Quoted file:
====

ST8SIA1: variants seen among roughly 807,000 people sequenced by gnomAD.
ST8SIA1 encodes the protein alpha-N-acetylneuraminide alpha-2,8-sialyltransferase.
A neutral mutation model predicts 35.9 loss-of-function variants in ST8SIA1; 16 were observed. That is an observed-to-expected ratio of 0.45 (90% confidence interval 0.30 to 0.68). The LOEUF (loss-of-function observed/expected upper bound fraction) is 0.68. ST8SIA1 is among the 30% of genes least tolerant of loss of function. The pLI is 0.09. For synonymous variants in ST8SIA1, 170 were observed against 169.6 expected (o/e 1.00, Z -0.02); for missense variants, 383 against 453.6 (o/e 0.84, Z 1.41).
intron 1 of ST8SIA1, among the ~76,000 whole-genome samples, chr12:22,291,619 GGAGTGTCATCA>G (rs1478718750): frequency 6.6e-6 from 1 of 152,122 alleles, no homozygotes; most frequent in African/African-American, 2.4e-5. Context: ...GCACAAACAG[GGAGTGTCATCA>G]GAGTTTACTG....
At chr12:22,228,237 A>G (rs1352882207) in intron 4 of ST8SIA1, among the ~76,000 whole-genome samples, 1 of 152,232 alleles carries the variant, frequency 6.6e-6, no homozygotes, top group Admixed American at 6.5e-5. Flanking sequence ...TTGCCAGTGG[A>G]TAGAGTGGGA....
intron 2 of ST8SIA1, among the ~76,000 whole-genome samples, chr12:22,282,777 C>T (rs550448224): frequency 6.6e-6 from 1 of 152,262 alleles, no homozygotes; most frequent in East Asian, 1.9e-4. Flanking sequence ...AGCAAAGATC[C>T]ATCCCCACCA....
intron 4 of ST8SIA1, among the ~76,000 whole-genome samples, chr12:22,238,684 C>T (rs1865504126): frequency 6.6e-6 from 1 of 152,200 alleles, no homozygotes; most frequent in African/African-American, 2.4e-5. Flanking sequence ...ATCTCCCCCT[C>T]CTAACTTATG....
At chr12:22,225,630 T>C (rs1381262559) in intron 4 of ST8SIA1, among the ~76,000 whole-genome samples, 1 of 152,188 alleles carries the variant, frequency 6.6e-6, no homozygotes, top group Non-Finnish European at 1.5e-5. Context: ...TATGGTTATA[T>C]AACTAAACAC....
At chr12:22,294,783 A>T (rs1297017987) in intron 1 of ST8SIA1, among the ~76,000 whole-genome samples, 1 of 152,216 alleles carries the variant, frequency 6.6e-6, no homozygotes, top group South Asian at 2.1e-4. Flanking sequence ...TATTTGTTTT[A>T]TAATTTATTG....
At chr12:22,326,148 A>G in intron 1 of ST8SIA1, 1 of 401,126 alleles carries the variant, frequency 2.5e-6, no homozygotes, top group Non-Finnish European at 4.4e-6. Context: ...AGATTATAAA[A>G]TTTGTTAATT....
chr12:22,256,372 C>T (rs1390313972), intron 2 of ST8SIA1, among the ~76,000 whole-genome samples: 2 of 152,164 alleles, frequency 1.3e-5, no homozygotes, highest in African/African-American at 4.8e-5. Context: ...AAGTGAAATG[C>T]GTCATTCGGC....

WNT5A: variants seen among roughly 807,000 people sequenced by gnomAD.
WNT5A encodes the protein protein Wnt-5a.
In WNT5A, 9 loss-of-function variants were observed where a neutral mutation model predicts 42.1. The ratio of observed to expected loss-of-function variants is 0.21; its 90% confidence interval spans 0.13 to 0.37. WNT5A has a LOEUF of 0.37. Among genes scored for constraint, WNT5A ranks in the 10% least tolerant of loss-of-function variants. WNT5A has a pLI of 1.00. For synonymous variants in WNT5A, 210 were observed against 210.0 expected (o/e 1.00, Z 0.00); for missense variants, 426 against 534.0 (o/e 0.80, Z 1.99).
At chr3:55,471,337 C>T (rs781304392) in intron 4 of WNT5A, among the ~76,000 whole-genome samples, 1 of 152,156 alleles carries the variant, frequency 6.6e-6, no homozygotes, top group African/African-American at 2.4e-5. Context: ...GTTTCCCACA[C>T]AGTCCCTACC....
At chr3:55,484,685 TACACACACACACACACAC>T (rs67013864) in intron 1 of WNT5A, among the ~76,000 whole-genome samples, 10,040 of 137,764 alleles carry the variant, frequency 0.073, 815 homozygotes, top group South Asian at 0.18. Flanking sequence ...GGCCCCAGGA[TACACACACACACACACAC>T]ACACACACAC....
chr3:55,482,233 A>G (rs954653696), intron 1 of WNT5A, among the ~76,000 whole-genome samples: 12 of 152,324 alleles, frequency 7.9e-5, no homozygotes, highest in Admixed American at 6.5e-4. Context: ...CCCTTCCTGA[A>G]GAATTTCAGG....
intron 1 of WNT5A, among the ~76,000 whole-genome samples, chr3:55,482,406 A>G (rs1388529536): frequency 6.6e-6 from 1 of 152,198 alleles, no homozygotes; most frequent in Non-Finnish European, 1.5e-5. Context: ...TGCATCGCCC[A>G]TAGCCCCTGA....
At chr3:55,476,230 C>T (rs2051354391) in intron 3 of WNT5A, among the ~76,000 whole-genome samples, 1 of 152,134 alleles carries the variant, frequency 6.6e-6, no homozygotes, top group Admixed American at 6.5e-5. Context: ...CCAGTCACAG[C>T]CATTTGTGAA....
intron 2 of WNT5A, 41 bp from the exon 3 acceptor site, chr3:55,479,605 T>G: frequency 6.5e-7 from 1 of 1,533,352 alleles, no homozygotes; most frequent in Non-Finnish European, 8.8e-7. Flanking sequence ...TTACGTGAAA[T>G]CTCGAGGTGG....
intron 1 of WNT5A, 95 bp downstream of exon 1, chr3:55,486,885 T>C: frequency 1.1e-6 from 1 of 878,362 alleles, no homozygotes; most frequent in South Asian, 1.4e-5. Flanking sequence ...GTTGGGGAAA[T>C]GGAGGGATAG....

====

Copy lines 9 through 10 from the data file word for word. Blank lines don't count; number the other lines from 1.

At chr12:22,294,783 A>T (rs1297017987) in intron 1 of ST8SIA1, among the ~76,000 whole-genome samples, 1 of 152,216 alleles carries the variant, frequency 6.6e-6, no homozygotes, top group South Asian at 2.1e-4. Flanking sequence ...TATTTGTTTT[A>T]TAATTTATTG....
At chr12:22,326,148 A>G in intron 1 of ST8SIA1, 1 of 401,126 alleles carries the variant, frequency 2.5e-6, no homozygotes, top group Non-Finnish European at 4.4e-6. Context: ...AGATTATAAA[A>G]TTTGTTAATT....